Preservice Music Teachers' Perceptions Regarding Their Readiness to Teach K—12 Multicultural Music Lessons After Graduation
Julius Kyakuwa, Louisiana State University
Institutions of higher education prepare and send out teachers to teach in diverse cultural settings. The teacher education process introduces students to pedagogies, current trends, and content in multicultural music education. Past studies have been conducted on the status of multicultural programs in higher institutions of learning, assessment of programs in training preservice music teachers to conduct multicultural classes, perceptions towards multicultural music teaching, and instructional pedagogies and challenges (Dekaney, Macede, & Pye 2011; Emmanuel, 2002; Okun, 1998; Southcott & Joseph, 2010). Findings have included lack of a common definition and understanding of multicultural education, ineffective implementation of a multicultural education curriculum, inadequate preservice training for teaching world music, lack of substantive knowledge by teachers regarding multicultural education, and lack of cross-culturally competent lecturers. Other findings demonstrate positive aspects include teachers’ consideration of music being a major expression of cultural identity and diversity, and recognizing the importance of a culturally responsive curricula instead of a Eurocentric approach to music education (Jenks, Lee, & Kanpol; Johnson, 1997; Young, 1996).
There is an increased interest in research focusing on perceptions, standards and influences of multicultural education through qualitative research worldwide and in American schools (Chin, 1996a; Milaris, 2014). This increase may be attributed to limited findings about studies that concentrate on preservice teachers’ beliefs, attitudes towards, understandings of multiculturalism, and their readiness about classroom realities of multiculturalism. This is especially noted in the context of the United States as a culturally diverse nation.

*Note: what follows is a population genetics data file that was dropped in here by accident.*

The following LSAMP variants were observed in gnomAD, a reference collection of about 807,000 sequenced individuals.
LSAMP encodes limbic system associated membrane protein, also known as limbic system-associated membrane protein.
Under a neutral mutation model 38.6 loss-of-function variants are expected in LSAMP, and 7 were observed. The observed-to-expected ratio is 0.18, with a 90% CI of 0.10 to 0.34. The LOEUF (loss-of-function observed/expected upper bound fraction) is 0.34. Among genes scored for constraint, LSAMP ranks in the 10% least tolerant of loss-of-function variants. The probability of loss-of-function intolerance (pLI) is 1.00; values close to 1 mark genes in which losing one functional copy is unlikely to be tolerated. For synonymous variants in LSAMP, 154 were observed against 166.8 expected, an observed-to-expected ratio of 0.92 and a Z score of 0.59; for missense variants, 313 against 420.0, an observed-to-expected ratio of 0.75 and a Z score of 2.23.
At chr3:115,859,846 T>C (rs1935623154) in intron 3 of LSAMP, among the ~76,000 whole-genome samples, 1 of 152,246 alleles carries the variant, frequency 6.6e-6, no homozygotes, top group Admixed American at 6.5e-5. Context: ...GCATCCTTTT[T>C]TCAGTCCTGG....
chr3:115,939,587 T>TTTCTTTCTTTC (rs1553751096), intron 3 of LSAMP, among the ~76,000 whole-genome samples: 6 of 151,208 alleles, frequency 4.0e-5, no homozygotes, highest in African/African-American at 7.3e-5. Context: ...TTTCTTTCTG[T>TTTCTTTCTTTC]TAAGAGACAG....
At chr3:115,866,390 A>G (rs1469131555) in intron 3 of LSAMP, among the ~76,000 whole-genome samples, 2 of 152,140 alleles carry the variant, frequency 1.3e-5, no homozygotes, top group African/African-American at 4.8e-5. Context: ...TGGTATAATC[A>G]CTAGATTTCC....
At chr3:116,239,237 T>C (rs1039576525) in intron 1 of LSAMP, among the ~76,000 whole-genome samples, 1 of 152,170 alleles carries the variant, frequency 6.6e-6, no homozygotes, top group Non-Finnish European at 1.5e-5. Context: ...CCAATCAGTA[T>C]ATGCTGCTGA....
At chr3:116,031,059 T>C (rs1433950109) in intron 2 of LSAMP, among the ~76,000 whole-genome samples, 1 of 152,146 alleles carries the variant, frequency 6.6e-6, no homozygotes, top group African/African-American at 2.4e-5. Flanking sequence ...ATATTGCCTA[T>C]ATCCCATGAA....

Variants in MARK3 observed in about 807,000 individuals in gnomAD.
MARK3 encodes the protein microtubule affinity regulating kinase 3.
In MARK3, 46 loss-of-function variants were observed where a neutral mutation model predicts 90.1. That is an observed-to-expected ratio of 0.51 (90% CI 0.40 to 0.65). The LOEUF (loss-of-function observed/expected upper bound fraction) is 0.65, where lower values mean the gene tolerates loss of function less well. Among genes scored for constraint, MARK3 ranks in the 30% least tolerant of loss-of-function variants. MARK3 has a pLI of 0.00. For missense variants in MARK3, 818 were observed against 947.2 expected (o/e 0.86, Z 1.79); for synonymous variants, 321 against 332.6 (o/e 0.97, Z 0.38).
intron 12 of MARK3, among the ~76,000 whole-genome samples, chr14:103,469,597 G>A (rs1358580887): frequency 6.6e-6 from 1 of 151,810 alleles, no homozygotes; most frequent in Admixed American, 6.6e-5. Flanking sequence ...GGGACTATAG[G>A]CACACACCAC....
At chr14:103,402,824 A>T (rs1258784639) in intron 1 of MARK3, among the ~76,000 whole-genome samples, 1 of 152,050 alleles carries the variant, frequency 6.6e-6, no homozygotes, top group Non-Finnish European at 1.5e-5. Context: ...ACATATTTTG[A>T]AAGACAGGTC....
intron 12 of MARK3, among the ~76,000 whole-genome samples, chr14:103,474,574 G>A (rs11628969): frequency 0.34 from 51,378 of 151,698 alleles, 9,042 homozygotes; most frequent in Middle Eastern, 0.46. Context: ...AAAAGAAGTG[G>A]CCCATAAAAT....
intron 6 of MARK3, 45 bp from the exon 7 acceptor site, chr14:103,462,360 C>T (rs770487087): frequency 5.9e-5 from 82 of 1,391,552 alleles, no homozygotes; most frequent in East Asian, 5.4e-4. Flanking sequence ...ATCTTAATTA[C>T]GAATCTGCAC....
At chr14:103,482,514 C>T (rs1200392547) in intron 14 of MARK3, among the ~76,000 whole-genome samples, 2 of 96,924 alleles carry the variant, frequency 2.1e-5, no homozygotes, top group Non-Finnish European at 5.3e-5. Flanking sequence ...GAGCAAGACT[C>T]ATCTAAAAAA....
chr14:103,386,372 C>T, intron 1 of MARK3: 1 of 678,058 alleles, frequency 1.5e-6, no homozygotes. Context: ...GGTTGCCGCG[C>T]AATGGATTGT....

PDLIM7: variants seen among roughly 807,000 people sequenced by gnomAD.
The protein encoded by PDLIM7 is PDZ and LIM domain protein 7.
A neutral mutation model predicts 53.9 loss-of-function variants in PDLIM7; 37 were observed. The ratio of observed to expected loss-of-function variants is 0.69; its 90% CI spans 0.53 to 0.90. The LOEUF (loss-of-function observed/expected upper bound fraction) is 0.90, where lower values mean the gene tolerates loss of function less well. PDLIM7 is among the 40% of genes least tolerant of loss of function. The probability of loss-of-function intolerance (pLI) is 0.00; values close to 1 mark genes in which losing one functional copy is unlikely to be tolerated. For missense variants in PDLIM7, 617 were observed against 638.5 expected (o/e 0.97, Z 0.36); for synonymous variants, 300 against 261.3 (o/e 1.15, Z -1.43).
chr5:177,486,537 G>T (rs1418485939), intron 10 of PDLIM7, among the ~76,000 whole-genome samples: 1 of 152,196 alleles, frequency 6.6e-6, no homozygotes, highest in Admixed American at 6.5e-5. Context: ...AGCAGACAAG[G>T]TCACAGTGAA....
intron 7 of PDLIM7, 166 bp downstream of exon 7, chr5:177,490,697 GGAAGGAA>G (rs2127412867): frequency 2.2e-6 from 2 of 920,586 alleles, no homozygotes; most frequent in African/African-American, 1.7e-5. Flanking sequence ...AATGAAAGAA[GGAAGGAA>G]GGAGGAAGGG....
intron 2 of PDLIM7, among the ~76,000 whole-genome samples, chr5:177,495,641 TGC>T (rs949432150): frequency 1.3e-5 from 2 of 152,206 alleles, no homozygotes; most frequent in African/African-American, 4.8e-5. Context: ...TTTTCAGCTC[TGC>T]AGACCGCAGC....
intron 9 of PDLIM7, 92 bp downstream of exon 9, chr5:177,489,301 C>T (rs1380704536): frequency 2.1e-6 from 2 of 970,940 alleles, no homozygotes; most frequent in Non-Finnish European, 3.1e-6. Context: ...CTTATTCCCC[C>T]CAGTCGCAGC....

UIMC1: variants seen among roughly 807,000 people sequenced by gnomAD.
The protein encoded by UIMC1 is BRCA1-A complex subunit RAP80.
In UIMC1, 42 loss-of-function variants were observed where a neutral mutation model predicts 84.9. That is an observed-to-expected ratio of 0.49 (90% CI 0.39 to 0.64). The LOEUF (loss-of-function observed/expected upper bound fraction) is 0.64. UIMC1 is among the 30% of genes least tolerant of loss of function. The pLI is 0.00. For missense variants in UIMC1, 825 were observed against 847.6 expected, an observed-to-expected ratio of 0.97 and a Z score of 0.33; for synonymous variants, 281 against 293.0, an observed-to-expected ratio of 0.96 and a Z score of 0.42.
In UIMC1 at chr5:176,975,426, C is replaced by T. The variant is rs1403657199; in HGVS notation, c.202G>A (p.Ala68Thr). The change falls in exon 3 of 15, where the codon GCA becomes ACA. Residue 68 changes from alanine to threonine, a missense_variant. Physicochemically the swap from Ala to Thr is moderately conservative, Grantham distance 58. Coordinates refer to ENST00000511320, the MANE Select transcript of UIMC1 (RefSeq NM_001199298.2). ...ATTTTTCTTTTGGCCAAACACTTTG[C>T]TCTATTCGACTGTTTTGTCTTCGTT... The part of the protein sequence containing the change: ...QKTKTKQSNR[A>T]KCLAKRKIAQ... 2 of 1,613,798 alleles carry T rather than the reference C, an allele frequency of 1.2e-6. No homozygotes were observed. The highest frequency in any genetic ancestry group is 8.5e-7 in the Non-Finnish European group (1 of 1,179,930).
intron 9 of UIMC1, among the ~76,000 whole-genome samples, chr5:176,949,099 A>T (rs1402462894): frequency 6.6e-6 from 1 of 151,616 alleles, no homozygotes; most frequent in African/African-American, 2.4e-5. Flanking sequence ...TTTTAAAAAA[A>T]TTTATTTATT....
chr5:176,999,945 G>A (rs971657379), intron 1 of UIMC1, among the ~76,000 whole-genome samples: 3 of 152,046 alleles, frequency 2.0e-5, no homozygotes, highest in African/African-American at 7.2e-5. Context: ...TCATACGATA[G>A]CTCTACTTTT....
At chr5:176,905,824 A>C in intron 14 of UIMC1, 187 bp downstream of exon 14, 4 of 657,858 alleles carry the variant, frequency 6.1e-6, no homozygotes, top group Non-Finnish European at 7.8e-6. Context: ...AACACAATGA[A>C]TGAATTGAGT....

In view of the gap in the literature, the current study examined the perceptions of two fourth-year preservice music teachers at a large Southern state university regarding their perceptions of readiness to conduct K–12 multicultural lessons (Banks, 2006; Belz, 2006; Campbell, 1992; Milner, 2010) after they graduate. I used a qualitative research design and case study approach, semi-structured and focus group interviews, video recordings, and observation of lessons. The themes that were identified as important to teacher readiness included, mastery of the subject matter on multicultural education; experience gathered through teaching practicum; approach, versatility, and experience of lecturers; the content structure within music education courses; and availability of teaching resources. Participants noted lack of adequate knowledge on multiculturalism policy matters at local and national level. They also suggested engaging international music students at the university as resource persons to share their cultural music for the benefit of the music education students. Examining what these teachers say concerning the teacher preparation process, and their perceptions of readiness to teach multicultural music lessons may contribute to a greater understanding of how preservice teachers acquire competence in this area of music teaching.
In the symposium session, I will share the findings from this study and engage the audience in a discussion on the topic. This would contribute to further knowledge on the subject and apprenticeship for me as a musician and teacher.
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